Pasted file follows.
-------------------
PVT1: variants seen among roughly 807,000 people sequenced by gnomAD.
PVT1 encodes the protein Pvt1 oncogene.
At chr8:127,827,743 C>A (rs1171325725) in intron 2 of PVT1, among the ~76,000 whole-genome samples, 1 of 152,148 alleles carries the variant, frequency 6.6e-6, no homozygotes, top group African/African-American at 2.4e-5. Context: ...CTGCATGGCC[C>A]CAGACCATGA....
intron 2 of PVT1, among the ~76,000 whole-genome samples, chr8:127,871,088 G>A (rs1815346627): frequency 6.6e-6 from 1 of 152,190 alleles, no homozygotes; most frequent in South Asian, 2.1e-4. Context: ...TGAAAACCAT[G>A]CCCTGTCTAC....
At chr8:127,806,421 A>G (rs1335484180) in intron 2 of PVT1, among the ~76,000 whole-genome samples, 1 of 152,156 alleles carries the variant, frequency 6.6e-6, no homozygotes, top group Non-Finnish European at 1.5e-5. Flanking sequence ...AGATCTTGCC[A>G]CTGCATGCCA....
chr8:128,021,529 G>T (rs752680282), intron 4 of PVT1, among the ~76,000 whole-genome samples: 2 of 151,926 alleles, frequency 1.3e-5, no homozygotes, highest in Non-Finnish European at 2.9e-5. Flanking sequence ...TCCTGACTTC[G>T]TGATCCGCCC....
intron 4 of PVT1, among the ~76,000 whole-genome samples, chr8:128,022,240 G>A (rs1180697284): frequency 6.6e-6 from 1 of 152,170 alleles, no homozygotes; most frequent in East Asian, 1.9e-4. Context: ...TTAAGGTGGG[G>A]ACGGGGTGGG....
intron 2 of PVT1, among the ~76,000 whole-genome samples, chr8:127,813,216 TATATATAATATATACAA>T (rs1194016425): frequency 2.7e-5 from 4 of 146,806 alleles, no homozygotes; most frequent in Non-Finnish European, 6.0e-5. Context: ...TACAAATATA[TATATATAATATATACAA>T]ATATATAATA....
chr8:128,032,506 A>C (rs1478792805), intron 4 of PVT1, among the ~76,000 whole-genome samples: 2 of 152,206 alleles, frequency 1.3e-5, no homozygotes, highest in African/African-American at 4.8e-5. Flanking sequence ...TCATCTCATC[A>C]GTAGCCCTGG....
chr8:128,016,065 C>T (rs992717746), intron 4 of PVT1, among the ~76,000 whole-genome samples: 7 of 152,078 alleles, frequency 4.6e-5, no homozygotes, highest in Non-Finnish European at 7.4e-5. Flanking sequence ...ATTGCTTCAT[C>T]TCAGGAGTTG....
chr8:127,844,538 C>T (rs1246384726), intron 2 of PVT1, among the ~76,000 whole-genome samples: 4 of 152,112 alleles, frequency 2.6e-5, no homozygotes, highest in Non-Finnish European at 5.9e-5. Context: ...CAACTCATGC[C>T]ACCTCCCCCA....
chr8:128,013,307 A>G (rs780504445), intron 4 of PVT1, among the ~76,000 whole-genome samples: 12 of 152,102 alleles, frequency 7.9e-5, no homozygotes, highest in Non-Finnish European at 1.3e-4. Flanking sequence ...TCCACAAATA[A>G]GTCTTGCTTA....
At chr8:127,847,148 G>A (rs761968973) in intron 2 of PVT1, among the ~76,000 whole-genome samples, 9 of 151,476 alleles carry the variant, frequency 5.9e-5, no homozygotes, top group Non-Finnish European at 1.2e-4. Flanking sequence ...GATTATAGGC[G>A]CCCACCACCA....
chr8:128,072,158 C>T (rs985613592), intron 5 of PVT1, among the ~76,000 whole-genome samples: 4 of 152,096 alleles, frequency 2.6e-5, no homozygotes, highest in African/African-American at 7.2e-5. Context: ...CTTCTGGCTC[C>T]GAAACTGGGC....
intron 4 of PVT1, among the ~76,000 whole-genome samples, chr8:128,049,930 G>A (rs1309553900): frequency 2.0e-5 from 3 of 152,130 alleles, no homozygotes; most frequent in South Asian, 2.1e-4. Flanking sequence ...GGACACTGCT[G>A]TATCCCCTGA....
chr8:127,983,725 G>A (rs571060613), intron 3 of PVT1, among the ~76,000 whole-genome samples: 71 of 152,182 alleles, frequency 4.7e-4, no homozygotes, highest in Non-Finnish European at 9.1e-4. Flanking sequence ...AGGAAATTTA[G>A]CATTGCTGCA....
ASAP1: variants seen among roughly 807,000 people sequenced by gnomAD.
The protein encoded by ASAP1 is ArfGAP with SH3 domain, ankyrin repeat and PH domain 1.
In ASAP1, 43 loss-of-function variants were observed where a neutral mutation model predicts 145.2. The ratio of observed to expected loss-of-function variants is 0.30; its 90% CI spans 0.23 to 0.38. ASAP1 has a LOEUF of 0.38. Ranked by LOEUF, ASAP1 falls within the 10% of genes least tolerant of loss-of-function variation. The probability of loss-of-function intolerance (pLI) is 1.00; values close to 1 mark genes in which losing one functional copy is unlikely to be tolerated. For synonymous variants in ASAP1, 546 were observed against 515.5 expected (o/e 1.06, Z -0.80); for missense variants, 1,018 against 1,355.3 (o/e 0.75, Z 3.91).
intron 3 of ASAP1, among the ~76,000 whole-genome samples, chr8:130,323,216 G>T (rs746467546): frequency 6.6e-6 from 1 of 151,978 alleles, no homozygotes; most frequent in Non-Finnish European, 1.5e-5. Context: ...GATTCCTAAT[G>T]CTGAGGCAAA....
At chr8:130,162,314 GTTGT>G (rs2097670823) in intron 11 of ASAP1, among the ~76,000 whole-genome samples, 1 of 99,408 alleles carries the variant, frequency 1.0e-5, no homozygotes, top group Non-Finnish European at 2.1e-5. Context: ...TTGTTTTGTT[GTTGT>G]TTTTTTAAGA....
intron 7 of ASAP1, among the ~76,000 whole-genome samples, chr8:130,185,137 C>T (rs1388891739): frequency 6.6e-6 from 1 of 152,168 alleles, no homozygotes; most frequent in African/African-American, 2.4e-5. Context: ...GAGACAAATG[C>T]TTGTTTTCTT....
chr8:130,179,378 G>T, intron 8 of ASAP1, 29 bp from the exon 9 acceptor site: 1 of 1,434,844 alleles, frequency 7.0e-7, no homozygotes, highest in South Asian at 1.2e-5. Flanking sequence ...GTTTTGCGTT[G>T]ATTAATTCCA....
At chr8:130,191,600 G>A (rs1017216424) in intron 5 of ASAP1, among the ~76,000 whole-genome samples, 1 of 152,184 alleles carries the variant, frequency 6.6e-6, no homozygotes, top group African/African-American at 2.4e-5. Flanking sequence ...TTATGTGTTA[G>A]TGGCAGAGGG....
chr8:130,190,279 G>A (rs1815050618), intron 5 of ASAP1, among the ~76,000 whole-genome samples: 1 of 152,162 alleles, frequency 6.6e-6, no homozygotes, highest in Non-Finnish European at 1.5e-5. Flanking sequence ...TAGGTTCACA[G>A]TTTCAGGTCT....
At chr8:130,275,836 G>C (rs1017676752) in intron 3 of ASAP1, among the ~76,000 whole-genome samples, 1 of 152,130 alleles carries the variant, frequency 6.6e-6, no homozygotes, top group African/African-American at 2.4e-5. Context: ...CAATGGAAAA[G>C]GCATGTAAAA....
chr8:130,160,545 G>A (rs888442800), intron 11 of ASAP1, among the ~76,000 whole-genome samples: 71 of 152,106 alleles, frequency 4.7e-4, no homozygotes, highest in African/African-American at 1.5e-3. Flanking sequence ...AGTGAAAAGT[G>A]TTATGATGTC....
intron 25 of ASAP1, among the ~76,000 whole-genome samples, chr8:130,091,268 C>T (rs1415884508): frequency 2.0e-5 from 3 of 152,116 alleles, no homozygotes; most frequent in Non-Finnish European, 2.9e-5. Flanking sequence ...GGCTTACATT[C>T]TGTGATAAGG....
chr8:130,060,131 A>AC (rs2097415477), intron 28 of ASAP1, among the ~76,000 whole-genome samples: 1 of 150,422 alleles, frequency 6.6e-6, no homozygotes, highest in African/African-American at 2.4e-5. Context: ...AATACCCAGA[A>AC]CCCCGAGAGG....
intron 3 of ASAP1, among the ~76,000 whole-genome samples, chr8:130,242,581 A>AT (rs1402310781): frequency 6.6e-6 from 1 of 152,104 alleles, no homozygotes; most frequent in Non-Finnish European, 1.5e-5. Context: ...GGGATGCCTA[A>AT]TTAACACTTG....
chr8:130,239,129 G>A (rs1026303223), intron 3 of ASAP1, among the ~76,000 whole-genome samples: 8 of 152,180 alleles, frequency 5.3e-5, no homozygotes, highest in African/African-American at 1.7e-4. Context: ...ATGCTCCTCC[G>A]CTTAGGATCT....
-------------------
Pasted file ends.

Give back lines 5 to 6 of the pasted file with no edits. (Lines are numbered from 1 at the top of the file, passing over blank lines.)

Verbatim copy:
At chr8:127,806,421 A>G (rs1335484180) in intron 2 of PVT1, among the ~76,000 whole-genome samples, 1 of 152,156 alleles carries the variant, frequency 6.6e-6, no homozygotes, top group Non-Finnish European at 1.5e-5. Flanking sequence ...AGATCTTGCC[A>G]CTGCATGCCA....
chr8:128,021,529 G>T (rs752680282), intron 4 of PVT1, among the ~76,000 whole-genome samples: 2 of 151,926 alleles, frequency 1.3e-5, no homozygotes, highest in Non-Finnish European at 2.9e-5. Flanking sequence ...TCCTGACTTC[G>T]TGATCCGCCC....